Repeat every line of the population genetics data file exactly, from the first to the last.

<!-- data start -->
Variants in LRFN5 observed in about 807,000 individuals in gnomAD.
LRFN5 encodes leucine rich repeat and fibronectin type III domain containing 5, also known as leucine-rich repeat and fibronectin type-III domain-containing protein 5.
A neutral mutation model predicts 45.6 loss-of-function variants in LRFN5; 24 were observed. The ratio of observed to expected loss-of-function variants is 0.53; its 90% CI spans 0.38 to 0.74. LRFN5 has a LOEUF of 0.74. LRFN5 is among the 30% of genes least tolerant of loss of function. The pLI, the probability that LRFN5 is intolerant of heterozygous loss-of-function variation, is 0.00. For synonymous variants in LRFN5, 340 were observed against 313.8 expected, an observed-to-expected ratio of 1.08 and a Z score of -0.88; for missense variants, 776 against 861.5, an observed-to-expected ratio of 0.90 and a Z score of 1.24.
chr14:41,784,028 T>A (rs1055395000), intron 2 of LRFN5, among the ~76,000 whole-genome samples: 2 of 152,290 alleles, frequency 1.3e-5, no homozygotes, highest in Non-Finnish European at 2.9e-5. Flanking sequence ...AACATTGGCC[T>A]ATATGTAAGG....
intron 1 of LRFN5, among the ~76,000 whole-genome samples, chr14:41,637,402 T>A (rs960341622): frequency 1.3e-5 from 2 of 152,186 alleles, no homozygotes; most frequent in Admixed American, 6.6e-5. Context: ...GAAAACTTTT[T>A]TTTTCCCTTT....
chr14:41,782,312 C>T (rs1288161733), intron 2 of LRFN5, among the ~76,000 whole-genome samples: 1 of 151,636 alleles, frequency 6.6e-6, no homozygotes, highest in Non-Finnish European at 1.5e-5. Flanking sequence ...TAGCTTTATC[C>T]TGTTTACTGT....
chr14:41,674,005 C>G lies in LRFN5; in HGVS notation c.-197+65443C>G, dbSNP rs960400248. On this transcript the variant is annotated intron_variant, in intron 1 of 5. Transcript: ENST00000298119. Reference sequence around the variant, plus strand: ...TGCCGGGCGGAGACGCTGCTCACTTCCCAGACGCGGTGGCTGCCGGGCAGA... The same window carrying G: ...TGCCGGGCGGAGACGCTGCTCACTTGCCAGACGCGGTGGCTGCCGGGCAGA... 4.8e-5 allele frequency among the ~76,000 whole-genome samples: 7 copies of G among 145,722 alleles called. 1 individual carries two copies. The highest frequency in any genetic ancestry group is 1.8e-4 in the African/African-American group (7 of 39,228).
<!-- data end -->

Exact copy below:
Variants in LRFN5 observed in about 807,000 individuals in gnomAD.
LRFN5 encodes leucine rich repeat and fibronectin type III domain containing 5, also known as leucine-rich repeat and fibronectin type-III domain-containing protein 5.
A neutral mutation model predicts 45.6 loss-of-function variants in LRFN5; 24 were observed. The ratio of observed to expected loss-of-function variants is 0.53; its 90% CI spans 0.38 to 0.74. LRFN5 has a LOEUF of 0.74. LRFN5 is among the 30% of genes least tolerant of loss of function. The pLI, the probability that LRFN5 is intolerant of heterozygous loss-of-function variation, is 0.00. For synonymous variants in LRFN5, 340 were observed against 313.8 expected, an observed-to-expected ratio of 1.08 and a Z score of -0.88; for missense variants, 776 against 861.5, an observed-to-expected ratio of 0.90 and a Z score of 1.24.
chr14:41,784,028 T>A (rs1055395000), intron 2 of LRFN5, among the ~76,000 whole-genome samples: 2 of 152,290 alleles, frequency 1.3e-5, no homozygotes, highest in Non-Finnish European at 2.9e-5. Flanking sequence ...AACATTGGCC[T>A]ATATGTAAGG....
intron 1 of LRFN5, among the ~76,000 whole-genome samples, chr14:41,637,402 T>A (rs960341622): frequency 1.3e-5 from 2 of 152,186 alleles, no homozygotes; most frequent in Admixed American, 6.6e-5. Context: ...GAAAACTTTT[T>A]TTTTCCCTTT....
chr14:41,782,312 C>T (rs1288161733), intron 2 of LRFN5, among the ~76,000 whole-genome samples: 1 of 151,636 alleles, frequency 6.6e-6, no homozygotes, highest in Non-Finnish European at 1.5e-5. Flanking sequence ...TAGCTTTATC[C>T]TGTTTACTGT....
chr14:41,674,005 C>G lies in LRFN5; in HGVS notation c.-197+65443C>G, dbSNP rs960400248. On this transcript the variant is annotated intron_variant, in intron 1 of 5. Transcript: ENST00000298119. Reference sequence around the variant, plus strand: ...TGCCGGGCGGAGACGCTGCTCACTTCCCAGACGCGGTGGCTGCCGGGCAGA... The same window carrying G: ...TGCCGGGCGGAGACGCTGCTCACTTGCCAGACGCGGTGGCTGCCGGGCAGA... 4.8e-5 allele frequency among the ~76,000 whole-genome samples: 7 copies of G among 145,722 alleles called. 1 individual carries two copies. The highest frequency in any genetic ancestry group is 1.8e-4 in the African/African-American group (7 of 39,228).